Everyone Energy Storage TRL 5 4
Trace Hydrogen Gas Sensor Renewable Energy TRL 2 Cohort 4 Colorado State University
Researchers at Colorado State University and NOAA have designed a sensor based on Photoacoustic Stimulated Raman Spectroscopy (PARS) that can detect Hydrogen gas (H2) at trace levels, including down to parts per billion (ppb) levels. This sensor can allow accurate and sensitive detection of H2 in air with fast time response in a relatively robust and compact package.
Everyone Renewable Energy TRL 2 4
Facile Reversible Hydrogenation of Fullerenes Using Ultrasound Energy Storage TRL 3 Cohort 4 Texas Tech University
Hydrogen is a desired form of energy as it does not release harmful emissions, however massive storage of hydrogen is still a challenge. The disclosed technology establishes a unique method of storing a large amount of hydrogen without high temperatures or pressure. This invention can be used for the storage and release of hydrogen while meeting requirements for transportation or utility use.
Everyone Energy Storage TRL 3 4
Improvement in Renewable Methane Yield from Anaerobic Digestion Renewable Energy TRL 3 Cohort 4 University of Nebraska
Use of a genetically modified anaerobic microbe to increase methane production from anaerobic digestion.
Everyone Renewable Energy TRL 3 4
Methods for Wet Torrefaction of a Biomass Renewable Energy TRL 3 Cohort 4 University of Nevada, Reno
Our researchers have developed methods of wet torrefaction with optimized reaction conditions so that the process can be completed in 1-5 minutes. This is a significant improvement to the conventional method which may take several hours. Wet torrefaction is the process of treating biomass with hot compressed water in an inert atmosphere, also known as hydrothermal pretreatment or carbonization, where gas, water solubles, and a carbonized solid product or biochar (also known as hydrochar) are produced. The produced biochar can be used directly as fuel or can be formed into pellets for easier transportation and handling. The biomass is reacted in a reaction chamber with an inert atmosphere, such as purged with a non-reactive gas such as nitrogen, where the chamber maintains an optimal temperature and pressure to keep the water at a condensed state and to increase the energy density of the biomass.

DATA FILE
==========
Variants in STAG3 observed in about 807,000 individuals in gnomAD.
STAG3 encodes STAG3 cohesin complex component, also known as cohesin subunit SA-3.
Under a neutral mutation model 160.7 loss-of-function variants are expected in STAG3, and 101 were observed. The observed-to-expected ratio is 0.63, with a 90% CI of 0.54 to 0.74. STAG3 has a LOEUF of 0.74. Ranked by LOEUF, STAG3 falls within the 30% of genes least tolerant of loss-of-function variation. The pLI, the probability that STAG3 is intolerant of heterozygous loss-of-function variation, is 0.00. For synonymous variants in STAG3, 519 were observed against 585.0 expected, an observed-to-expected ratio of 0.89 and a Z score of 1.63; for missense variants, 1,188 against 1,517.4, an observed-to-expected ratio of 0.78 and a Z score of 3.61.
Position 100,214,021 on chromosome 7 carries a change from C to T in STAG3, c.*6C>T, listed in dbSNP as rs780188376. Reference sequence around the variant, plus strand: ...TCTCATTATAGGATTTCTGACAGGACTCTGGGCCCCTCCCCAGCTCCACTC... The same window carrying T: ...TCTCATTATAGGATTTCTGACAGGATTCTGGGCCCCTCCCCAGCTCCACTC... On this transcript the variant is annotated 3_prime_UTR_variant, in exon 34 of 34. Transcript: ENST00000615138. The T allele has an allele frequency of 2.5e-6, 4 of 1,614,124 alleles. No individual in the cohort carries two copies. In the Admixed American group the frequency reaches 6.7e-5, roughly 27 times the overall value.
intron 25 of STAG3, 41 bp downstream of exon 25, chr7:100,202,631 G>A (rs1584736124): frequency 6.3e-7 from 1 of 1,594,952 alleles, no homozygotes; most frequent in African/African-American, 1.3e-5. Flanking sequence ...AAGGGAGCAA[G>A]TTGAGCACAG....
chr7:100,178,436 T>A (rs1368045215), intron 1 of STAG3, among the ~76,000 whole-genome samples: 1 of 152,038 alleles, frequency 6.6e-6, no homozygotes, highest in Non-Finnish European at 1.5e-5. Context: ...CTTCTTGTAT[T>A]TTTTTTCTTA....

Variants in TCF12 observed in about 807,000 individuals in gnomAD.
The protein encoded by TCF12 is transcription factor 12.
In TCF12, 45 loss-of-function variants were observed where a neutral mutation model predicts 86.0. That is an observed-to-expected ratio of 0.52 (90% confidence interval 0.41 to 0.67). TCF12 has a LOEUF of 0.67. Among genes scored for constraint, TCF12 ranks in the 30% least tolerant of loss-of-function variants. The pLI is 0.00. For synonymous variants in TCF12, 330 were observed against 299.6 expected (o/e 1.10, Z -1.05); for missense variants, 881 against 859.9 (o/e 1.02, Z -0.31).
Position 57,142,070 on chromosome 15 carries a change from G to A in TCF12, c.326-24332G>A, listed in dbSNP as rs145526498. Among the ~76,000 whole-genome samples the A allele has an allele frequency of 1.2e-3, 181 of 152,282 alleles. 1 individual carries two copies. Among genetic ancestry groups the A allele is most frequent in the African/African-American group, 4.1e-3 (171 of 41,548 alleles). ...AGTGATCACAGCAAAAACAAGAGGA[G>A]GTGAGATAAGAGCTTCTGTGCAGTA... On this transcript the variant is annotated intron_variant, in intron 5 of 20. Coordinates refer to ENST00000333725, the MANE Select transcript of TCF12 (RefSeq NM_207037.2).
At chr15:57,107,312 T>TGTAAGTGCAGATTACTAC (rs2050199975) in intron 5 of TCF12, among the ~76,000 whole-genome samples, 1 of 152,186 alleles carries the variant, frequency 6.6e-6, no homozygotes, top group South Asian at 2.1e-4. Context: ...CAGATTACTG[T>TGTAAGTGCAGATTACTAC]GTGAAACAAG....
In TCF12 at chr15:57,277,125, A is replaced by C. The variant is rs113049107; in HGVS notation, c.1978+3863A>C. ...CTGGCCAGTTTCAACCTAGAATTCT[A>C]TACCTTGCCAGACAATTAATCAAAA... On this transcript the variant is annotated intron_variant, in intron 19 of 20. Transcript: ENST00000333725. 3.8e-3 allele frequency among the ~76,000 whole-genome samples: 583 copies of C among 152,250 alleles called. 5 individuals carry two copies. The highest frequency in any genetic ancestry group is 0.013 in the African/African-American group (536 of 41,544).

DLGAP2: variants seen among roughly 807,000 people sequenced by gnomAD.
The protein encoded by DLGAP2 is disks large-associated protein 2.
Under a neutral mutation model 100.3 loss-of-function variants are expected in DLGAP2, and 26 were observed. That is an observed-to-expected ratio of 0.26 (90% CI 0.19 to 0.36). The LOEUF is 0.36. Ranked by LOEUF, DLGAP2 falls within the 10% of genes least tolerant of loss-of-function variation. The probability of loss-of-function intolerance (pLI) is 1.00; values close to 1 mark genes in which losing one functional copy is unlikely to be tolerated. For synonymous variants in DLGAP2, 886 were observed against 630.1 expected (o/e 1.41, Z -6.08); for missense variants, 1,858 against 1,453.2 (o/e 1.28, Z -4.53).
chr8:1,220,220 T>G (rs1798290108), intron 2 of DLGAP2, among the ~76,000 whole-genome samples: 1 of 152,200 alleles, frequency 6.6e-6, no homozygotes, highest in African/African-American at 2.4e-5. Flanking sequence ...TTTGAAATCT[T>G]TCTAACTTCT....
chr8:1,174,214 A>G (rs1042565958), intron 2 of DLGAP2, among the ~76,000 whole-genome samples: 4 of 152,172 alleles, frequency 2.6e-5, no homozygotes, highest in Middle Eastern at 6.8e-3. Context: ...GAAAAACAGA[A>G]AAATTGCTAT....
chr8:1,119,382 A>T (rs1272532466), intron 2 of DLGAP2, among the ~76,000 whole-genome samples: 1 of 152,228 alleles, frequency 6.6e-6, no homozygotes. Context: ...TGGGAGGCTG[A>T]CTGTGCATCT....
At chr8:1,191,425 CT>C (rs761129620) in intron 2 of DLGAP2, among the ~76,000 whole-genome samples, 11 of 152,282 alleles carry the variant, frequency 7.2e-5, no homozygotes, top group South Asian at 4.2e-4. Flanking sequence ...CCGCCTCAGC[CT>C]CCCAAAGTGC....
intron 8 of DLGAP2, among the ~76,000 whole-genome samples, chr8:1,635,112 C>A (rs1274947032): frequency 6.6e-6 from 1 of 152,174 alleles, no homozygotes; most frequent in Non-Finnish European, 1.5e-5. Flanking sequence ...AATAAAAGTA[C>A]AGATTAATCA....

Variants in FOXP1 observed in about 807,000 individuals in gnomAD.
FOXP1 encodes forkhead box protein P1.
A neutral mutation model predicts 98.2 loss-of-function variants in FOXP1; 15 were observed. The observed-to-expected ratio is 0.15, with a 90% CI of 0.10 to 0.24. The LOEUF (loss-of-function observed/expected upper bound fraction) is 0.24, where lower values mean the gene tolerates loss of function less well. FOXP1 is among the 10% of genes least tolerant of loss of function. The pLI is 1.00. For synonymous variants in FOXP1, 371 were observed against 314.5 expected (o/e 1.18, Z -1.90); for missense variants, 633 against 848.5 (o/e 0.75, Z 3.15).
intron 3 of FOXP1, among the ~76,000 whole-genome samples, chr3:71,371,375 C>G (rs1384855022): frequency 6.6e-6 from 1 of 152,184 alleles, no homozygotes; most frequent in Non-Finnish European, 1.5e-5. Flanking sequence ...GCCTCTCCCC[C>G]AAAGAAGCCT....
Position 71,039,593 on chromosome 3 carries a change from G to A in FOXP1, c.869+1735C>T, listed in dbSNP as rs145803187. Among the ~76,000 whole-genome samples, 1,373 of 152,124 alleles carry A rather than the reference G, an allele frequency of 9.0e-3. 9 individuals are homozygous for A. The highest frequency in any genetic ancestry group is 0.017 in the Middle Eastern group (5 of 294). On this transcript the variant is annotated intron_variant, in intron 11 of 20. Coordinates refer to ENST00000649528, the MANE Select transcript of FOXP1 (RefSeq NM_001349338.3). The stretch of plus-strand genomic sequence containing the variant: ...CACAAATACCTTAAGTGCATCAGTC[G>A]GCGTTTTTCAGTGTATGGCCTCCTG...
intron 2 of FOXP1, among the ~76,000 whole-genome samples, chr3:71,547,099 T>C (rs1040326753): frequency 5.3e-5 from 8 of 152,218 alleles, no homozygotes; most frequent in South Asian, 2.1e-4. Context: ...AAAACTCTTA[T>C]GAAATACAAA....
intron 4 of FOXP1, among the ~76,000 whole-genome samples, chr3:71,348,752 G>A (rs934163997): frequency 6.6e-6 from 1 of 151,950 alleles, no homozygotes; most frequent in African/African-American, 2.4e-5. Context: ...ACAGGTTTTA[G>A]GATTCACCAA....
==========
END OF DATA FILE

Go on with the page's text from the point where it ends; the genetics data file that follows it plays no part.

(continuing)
Everyone Renewable Energy TRL 3 4
Materials for Low Cost, Scalable, Thermochemical Hydrogen Production Renewable Energy TRL 3 Cohort 4 Stanford University
Engineers in Prof. Arunava Majumdar's laboratory have formulated high-entropy phase-change materials that can split water to produce hydrogen at moderate temperatures using a scalable, carbon-free process. The hydrogen is produced through a two-step solar-powered thermochemical redox reaction. Then it can be harnessed to reduce carbon dioxide and produce chemicals such as plastics, syngas or transportation fuel.
Everyone Renewable Energy TRL 3 4
CCSNet Web App: A Deep Learning Modeling Suite for CO2 Storage Carbon Utilization TRL 4 Cohort 4 Stanford University
Stanford researchers in the Benson Lab have developed CCSNet, an open source software platform for modeling CO2 storage reservoirs based on machine learning neural networks. As compared to current standards, this software is 10,000 to 100,000 times faster and more accurate. Traditional simulators for carbon geological storage are computationally expensive and time consuming. Trained with a large numerical simulation data set, CCSNet provides numerous outputs for carbon dioxide storage projects including but not limited to CO2 gas saturation, pressure buildup, and mass balance.
Everyone Carbon Utilization TRL 4 4
Renewable Energy TRL 2 Cohort 4 University of Minnesota
A method of biomass gasification using solar energy produces a higher yield of syngas when compared to traditional combustion methods. The solar-powered biomass gasifier forgoes the traditional method of combusting biomass or fossil fuels and instead uses solar energy to obtain the necessary energy from heat. Using the biomass feedstock as the source of energy to drive the gasification reaction typically consumes 20% to 30% of the original energy content making the gasifier much less efficient. Contrasted against traditional non-solar gasification systems, the solar-powered gasifier produces a 30-50% high yield of fuel per unit feedstock. This new device also outperforms other solar-powered gasifiers by being able to operate at lower temperatures and obtain higher efficiency. The new reactor also has the capability to perform continuously at night. This method of gasification lowers dependency on fossil fuels and produces a more sustainable biofuel.
Everyone Renewable Energy TRL 2 4